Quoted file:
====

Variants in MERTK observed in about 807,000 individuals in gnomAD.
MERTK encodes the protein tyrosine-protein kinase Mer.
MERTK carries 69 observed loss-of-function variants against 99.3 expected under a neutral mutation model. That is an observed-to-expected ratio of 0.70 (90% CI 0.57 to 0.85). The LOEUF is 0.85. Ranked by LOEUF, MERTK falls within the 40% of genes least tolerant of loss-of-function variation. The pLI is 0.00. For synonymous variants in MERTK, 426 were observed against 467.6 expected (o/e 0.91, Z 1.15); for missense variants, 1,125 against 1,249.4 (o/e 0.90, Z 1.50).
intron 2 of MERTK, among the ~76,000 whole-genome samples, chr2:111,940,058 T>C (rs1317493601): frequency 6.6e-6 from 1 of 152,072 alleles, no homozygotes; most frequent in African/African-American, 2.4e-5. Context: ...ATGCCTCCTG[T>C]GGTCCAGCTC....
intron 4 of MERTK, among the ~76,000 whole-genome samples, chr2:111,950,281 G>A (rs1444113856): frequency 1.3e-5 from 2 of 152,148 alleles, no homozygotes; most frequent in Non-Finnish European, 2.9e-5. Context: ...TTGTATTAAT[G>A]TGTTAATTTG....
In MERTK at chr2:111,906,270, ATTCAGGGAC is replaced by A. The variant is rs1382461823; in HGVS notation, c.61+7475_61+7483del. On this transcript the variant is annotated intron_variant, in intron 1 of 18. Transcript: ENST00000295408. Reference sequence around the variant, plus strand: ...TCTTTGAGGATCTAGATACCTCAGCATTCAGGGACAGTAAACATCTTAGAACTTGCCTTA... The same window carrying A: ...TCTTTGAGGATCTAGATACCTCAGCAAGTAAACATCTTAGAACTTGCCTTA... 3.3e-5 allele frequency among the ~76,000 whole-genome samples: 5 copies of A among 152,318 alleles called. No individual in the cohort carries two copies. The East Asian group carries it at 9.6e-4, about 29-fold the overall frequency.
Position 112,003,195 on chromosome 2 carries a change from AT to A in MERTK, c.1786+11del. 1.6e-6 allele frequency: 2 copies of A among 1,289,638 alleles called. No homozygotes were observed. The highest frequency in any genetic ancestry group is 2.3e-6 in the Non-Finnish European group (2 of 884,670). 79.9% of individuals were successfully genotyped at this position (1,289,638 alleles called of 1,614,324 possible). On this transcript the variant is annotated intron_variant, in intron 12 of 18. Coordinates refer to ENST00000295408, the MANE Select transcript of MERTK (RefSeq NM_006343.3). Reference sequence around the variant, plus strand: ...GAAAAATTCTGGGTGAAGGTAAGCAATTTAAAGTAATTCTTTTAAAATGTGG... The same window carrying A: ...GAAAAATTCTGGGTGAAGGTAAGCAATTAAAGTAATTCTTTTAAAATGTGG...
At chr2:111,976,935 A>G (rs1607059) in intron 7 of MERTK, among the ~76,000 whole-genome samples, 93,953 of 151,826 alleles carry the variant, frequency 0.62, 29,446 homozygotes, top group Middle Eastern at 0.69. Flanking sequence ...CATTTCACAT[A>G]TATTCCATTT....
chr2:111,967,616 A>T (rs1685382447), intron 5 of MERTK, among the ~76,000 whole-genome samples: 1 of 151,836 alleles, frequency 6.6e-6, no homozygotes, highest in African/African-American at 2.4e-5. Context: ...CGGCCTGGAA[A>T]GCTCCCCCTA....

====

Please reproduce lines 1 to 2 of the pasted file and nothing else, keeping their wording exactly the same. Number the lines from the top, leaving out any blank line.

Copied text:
Variants in MERTK observed in about 807,000 individuals in gnomAD.
MERTK encodes the protein tyrosine-protein kinase Mer.